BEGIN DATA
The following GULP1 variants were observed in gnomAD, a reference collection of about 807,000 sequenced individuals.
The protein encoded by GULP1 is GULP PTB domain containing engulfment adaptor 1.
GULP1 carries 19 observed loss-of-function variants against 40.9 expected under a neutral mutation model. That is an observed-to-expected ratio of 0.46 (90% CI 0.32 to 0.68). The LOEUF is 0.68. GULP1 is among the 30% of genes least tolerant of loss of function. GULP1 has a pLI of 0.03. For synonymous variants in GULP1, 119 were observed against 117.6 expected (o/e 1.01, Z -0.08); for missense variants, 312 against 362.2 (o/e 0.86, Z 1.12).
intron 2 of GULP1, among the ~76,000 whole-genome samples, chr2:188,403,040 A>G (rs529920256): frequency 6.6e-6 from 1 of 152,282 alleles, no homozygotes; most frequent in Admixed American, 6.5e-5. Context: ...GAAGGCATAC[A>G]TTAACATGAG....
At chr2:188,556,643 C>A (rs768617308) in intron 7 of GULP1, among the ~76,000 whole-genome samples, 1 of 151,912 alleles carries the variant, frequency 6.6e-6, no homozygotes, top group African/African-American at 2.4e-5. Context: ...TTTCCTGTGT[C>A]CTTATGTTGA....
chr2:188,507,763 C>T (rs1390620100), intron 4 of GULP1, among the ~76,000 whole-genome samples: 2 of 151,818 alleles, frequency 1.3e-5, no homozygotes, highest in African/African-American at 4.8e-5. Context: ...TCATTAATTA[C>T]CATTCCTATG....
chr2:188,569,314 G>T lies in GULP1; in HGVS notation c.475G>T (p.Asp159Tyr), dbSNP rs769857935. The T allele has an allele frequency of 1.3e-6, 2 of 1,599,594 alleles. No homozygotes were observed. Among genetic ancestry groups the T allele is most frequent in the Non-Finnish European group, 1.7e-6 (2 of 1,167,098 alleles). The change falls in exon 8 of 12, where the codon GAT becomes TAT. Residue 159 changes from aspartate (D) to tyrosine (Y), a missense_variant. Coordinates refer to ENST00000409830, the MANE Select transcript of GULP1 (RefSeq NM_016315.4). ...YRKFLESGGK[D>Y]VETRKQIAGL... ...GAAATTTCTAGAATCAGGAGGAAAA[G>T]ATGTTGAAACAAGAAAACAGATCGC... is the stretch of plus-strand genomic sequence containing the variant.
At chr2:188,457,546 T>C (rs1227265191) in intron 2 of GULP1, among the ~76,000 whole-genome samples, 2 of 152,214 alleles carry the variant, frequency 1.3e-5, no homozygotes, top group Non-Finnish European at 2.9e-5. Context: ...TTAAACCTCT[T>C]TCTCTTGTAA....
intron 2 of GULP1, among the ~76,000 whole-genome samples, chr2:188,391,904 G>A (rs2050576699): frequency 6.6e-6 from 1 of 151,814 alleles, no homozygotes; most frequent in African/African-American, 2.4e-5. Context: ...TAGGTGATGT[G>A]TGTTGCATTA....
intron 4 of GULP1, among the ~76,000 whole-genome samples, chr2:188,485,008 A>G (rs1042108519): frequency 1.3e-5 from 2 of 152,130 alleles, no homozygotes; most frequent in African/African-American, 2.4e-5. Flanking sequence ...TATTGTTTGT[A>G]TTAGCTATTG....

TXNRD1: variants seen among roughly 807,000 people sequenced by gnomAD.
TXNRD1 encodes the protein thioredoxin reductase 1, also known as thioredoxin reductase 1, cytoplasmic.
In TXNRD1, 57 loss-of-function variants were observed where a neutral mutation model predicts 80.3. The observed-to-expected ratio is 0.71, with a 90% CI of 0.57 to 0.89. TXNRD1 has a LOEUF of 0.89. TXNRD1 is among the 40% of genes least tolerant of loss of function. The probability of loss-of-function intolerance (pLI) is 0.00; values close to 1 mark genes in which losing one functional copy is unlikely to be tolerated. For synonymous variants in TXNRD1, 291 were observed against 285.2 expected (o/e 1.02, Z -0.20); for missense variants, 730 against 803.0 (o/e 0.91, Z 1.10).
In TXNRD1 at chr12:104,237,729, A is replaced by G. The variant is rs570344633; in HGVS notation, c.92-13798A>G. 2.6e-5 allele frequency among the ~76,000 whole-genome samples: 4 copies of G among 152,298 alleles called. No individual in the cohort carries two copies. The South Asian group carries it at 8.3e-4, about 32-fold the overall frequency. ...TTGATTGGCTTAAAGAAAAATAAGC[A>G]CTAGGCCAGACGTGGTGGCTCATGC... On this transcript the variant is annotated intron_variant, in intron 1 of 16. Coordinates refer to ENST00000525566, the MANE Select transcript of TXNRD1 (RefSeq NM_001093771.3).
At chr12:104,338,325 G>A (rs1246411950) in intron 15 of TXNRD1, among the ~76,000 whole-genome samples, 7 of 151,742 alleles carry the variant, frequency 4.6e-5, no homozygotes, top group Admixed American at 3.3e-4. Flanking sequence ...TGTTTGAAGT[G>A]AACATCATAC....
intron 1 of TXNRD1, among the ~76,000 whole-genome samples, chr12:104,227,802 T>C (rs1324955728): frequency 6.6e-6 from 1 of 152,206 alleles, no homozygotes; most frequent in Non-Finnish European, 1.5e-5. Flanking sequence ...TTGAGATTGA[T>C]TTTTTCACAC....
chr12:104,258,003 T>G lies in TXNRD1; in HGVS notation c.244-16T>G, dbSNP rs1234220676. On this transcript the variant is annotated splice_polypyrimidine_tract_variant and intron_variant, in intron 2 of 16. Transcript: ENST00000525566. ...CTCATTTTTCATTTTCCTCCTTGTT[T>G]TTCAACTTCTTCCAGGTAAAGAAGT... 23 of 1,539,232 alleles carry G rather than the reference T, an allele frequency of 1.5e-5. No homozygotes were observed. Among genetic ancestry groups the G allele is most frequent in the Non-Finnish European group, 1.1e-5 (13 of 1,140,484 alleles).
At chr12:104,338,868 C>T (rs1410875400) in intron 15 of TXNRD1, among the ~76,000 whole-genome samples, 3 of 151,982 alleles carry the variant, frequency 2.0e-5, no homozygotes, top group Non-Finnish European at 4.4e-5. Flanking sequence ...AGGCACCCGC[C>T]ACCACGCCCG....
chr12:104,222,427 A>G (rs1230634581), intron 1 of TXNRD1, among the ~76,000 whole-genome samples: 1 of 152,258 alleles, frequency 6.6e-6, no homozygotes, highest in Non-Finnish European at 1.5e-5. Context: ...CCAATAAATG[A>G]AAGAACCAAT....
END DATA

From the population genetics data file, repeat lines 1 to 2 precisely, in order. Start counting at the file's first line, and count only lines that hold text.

The following GULP1 variants were observed in gnomAD, a reference collection of about 807,000 sequenced individuals.
The protein encoded by GULP1 is GULP PTB domain containing engulfment adaptor 1.